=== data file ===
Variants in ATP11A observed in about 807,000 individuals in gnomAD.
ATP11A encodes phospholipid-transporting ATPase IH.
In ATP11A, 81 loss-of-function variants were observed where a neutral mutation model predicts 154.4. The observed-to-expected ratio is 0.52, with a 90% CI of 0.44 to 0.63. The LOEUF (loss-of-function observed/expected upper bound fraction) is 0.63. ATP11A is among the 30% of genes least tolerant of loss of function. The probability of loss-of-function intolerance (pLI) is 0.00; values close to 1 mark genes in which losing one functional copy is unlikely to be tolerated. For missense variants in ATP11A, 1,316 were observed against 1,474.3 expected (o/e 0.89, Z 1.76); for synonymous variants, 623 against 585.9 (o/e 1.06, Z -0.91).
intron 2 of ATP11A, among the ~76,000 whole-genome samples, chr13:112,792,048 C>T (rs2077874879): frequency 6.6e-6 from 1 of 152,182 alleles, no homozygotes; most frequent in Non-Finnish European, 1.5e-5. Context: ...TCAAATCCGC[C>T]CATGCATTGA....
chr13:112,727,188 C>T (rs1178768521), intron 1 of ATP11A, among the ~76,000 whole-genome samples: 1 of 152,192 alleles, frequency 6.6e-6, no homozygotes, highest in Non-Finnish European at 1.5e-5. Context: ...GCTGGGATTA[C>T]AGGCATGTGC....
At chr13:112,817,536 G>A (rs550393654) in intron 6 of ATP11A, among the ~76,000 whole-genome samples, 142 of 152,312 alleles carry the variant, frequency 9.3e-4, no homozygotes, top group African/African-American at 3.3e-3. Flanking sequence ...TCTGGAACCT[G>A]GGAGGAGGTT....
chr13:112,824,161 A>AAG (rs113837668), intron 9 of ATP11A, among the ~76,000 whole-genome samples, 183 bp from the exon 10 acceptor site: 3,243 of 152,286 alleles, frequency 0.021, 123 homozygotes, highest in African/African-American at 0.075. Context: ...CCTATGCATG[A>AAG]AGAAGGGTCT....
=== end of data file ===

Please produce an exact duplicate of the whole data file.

Variants in ATP11A observed in about 807,000 individuals in gnomAD.
ATP11A encodes phospholipid-transporting ATPase IH.
In ATP11A, 81 loss-of-function variants were observed where a neutral mutation model predicts 154.4. The observed-to-expected ratio is 0.52, with a 90% CI of 0.44 to 0.63. The LOEUF (loss-of-function observed/expected upper bound fraction) is 0.63. ATP11A is among the 30% of genes least tolerant of loss of function. The probability of loss-of-function intolerance (pLI) is 0.00; values close to 1 mark genes in which losing one functional copy is unlikely to be tolerated. For missense variants in ATP11A, 1,316 were observed against 1,474.3 expected (o/e 0.89, Z 1.76); for synonymous variants, 623 against 585.9 (o/e 1.06, Z -0.91).
intron 2 of ATP11A, among the ~76,000 whole-genome samples, chr13:112,792,048 C>T (rs2077874879): frequency 6.6e-6 from 1 of 152,182 alleles, no homozygotes; most frequent in Non-Finnish European, 1.5e-5. Context: ...TCAAATCCGC[C>T]CATGCATTGA....
chr13:112,727,188 C>T (rs1178768521), intron 1 of ATP11A, among the ~76,000 whole-genome samples: 1 of 152,192 alleles, frequency 6.6e-6, no homozygotes, highest in Non-Finnish European at 1.5e-5. Context: ...GCTGGGATTA[C>T]AGGCATGTGC....
At chr13:112,817,536 G>A (rs550393654) in intron 6 of ATP11A, among the ~76,000 whole-genome samples, 142 of 152,312 alleles carry the variant, frequency 9.3e-4, no homozygotes, top group African/African-American at 3.3e-3. Flanking sequence ...TCTGGAACCT[G>A]GGAGGAGGTT....
chr13:112,824,161 A>AAG (rs113837668), intron 9 of ATP11A, among the ~76,000 whole-genome samples, 183 bp from the exon 10 acceptor site: 3,243 of 152,286 alleles, frequency 0.021, 123 homozygotes, highest in African/African-American at 0.075. Context: ...CCTATGCATG[A>AAG]AGAAGGGTCT....